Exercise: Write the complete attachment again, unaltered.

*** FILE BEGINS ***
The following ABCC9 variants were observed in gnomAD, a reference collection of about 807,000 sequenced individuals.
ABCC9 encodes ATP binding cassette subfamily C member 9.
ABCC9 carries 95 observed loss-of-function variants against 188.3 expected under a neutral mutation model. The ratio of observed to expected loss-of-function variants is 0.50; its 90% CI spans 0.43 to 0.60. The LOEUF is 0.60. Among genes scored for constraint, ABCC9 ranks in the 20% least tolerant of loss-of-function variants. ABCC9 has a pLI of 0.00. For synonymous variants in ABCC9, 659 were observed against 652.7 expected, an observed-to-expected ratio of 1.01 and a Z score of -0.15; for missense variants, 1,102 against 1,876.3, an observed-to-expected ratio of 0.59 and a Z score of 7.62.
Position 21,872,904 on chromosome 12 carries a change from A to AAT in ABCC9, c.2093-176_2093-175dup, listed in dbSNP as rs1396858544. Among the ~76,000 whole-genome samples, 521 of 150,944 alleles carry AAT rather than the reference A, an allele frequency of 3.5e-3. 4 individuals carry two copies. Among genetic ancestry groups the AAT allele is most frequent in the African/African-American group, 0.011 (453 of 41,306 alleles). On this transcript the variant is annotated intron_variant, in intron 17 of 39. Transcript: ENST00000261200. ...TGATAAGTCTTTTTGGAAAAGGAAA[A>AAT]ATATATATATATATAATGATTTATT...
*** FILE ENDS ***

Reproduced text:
The following ABCC9 variants were observed in gnomAD, a reference collection of about 807,000 sequenced individuals.
ABCC9 encodes ATP binding cassette subfamily C member 9.
ABCC9 carries 95 observed loss-of-function variants against 188.3 expected under a neutral mutation model. The ratio of observed to expected loss-of-function variants is 0.50; its 90% CI spans 0.43 to 0.60. The LOEUF is 0.60. Among genes scored for constraint, ABCC9 ranks in the 20% least tolerant of loss-of-function variants. ABCC9 has a pLI of 0.00. For synonymous variants in ABCC9, 659 were observed against 652.7 expected, an observed-to-expected ratio of 1.01 and a Z score of -0.15; for missense variants, 1,102 against 1,876.3, an observed-to-expected ratio of 0.59 and a Z score of 7.62.
Position 21,872,904 on chromosome 12 carries a change from A to AAT in ABCC9, c.2093-176_2093-175dup, listed in dbSNP as rs1396858544. Among the ~76,000 whole-genome samples, 521 of 150,944 alleles carry AAT rather than the reference A, an allele frequency of 3.5e-3. 4 individuals carry two copies. Among genetic ancestry groups the AAT allele is most frequent in the African/African-American group, 0.011 (453 of 41,306 alleles). On this transcript the variant is annotated intron_variant, in intron 17 of 39. Transcript: ENST00000261200. ...TGATAAGTCTTTTTGGAAAAGGAAA[A>AAT]ATATATATATATATAATGATTTATT...